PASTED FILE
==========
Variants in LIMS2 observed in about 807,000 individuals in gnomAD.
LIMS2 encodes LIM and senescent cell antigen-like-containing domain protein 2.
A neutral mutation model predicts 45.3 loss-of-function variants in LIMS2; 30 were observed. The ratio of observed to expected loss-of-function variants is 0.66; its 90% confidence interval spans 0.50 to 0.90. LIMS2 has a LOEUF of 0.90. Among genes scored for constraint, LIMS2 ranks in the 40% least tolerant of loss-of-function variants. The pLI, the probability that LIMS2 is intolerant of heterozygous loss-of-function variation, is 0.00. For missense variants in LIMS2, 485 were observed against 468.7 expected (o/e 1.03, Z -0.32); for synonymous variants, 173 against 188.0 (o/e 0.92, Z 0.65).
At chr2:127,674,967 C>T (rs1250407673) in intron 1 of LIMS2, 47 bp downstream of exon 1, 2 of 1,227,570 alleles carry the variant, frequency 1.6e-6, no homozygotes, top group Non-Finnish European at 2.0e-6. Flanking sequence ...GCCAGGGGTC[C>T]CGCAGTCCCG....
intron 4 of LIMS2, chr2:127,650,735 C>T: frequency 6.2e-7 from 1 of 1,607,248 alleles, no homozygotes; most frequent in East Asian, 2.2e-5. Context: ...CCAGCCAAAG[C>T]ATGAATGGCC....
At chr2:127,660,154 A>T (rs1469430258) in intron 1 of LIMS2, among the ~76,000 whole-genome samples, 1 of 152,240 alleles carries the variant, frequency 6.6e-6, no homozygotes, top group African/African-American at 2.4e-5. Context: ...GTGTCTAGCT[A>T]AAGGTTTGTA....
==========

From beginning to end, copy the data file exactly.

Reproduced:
Variants in LIMS2 observed in about 807,000 individuals in gnomAD.
LIMS2 encodes LIM and senescent cell antigen-like-containing domain protein 2.
A neutral mutation model predicts 45.3 loss-of-function variants in LIMS2; 30 were observed. The ratio of observed to expected loss-of-function variants is 0.66; its 90% confidence interval spans 0.50 to 0.90. LIMS2 has a LOEUF of 0.90. Among genes scored for constraint, LIMS2 ranks in the 40% least tolerant of loss-of-function variants. The pLI, the probability that LIMS2 is intolerant of heterozygous loss-of-function variation, is 0.00. For missense variants in LIMS2, 485 were observed against 468.7 expected (o/e 1.03, Z -0.32); for synonymous variants, 173 against 188.0 (o/e 0.92, Z 0.65).
At chr2:127,674,967 C>T (rs1250407673) in intron 1 of LIMS2, 47 bp downstream of exon 1, 2 of 1,227,570 alleles carry the variant, frequency 1.6e-6, no homozygotes, top group Non-Finnish European at 2.0e-6. Flanking sequence ...GCCAGGGGTC[C>T]CGCAGTCCCG....
intron 4 of LIMS2, chr2:127,650,735 C>T: frequency 6.2e-7 from 1 of 1,607,248 alleles, no homozygotes; most frequent in East Asian, 2.2e-5. Context: ...CCAGCCAAAG[C>T]ATGAATGGCC....
At chr2:127,660,154 A>T (rs1469430258) in intron 1 of LIMS2, among the ~76,000 whole-genome samples, 1 of 152,240 alleles carries the variant, frequency 6.6e-6, no homozygotes, top group African/African-American at 2.4e-5. Context: ...GTGTCTAGCT[A>T]AAGGTTTGTA....